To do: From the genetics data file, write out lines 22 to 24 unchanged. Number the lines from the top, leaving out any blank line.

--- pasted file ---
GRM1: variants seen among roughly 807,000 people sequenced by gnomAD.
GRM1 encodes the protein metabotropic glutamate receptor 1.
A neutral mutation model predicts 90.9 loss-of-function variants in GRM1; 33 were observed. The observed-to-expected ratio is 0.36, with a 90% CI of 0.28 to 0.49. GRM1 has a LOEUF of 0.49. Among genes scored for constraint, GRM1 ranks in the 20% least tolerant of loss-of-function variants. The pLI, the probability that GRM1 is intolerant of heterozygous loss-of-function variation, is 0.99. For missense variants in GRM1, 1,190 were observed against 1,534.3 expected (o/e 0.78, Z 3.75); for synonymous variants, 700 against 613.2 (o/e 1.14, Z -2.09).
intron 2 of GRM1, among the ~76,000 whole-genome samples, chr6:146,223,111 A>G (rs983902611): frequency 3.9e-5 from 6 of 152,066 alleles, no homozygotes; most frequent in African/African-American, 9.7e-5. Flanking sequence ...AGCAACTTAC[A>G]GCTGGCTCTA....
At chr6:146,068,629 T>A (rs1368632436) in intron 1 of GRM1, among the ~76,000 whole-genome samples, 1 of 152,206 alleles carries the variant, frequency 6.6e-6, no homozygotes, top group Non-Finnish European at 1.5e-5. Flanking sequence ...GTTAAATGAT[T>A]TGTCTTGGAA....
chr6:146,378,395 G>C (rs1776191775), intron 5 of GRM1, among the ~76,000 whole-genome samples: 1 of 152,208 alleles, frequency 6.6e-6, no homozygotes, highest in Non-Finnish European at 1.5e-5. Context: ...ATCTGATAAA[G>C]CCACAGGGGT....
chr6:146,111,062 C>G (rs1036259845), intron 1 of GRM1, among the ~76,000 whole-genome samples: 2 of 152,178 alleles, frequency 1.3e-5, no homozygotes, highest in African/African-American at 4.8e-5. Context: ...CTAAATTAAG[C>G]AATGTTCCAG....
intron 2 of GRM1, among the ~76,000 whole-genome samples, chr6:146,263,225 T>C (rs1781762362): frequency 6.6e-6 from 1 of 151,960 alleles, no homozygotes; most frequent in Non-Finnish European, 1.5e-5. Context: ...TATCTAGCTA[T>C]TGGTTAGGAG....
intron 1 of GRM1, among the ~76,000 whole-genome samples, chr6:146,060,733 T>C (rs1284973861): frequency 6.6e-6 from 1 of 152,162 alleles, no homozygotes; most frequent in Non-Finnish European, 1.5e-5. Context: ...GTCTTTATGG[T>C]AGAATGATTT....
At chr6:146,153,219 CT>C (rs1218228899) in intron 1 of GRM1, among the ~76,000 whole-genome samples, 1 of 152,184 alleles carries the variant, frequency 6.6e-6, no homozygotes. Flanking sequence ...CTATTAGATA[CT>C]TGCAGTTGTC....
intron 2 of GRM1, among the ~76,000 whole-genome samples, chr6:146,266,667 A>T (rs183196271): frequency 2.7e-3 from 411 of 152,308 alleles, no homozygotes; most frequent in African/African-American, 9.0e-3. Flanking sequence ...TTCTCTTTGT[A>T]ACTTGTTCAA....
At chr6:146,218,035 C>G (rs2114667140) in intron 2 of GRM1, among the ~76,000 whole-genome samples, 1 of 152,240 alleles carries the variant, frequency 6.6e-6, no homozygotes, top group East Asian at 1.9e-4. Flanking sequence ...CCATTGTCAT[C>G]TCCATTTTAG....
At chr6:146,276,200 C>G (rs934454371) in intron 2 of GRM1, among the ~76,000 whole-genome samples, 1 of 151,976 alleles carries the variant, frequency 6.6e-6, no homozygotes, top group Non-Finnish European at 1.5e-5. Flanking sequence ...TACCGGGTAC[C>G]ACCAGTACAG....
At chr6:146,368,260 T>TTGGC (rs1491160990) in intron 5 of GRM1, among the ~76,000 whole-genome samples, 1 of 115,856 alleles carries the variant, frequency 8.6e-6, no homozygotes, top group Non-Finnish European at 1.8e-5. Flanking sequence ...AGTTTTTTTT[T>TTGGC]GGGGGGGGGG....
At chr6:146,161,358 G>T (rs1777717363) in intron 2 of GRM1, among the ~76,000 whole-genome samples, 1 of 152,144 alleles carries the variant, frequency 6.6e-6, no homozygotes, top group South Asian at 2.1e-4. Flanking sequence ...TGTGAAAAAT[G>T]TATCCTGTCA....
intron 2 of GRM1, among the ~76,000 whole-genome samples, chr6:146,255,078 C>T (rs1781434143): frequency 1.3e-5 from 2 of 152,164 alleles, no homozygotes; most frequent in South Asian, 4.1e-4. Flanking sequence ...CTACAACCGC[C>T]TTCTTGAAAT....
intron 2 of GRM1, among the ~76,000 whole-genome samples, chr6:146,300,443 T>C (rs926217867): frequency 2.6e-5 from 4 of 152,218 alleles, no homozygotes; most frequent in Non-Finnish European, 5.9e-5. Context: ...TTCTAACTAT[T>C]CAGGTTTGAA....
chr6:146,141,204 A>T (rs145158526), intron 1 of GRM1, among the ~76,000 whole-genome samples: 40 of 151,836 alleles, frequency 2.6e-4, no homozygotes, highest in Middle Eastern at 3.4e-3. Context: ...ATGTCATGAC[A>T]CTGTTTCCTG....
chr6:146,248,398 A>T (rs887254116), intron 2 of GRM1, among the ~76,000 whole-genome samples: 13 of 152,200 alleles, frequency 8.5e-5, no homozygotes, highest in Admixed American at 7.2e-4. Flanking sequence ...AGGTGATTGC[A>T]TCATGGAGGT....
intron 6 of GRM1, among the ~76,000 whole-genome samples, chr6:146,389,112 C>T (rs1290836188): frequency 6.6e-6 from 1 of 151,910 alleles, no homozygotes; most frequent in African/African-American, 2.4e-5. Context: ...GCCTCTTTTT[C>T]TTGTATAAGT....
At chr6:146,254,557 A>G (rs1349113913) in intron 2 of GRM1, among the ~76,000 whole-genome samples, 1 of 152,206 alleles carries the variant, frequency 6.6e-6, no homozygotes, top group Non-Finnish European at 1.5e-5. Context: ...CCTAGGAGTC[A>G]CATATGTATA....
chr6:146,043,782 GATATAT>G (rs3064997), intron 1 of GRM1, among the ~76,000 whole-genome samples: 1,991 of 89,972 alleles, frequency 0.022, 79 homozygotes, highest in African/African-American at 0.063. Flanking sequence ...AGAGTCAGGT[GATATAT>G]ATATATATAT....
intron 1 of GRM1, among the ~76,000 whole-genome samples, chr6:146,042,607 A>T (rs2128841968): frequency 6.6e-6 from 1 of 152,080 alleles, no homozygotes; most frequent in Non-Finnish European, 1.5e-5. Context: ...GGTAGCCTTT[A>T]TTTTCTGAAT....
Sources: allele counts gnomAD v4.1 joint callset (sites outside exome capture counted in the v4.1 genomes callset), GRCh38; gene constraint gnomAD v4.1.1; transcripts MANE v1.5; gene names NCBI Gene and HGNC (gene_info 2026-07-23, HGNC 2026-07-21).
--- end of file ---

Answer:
chr6:146,043,782 GATATAT>G (rs3064997), intron 1 of GRM1, among the ~76,000 whole-genome samples: 1,991 of 89,972 alleles, frequency 0.022, 79 homozygotes, highest in African/African-American at 0.063. Flanking sequence ...AGAGTCAGGT[GATATAT>G]ATATATATAT....
intron 1 of GRM1, among the ~76,000 whole-genome samples, chr6:146,042,607 A>T (rs2128841968): frequency 6.6e-6 from 1 of 152,080 alleles, no homozygotes; most frequent in Non-Finnish European, 1.5e-5. Context: ...GGTAGCCTTT[A>T]TTTTCTGAAT....
Sources: allele counts gnomAD v4.1 joint callset (sites outside exome capture counted in the v4.1 genomes callset), GRCh38; gene constraint gnomAD v4.1.1; transcripts MANE v1.5; gene names NCBI Gene and HGNC (gene_info 2026-07-23, HGNC 2026-07-21).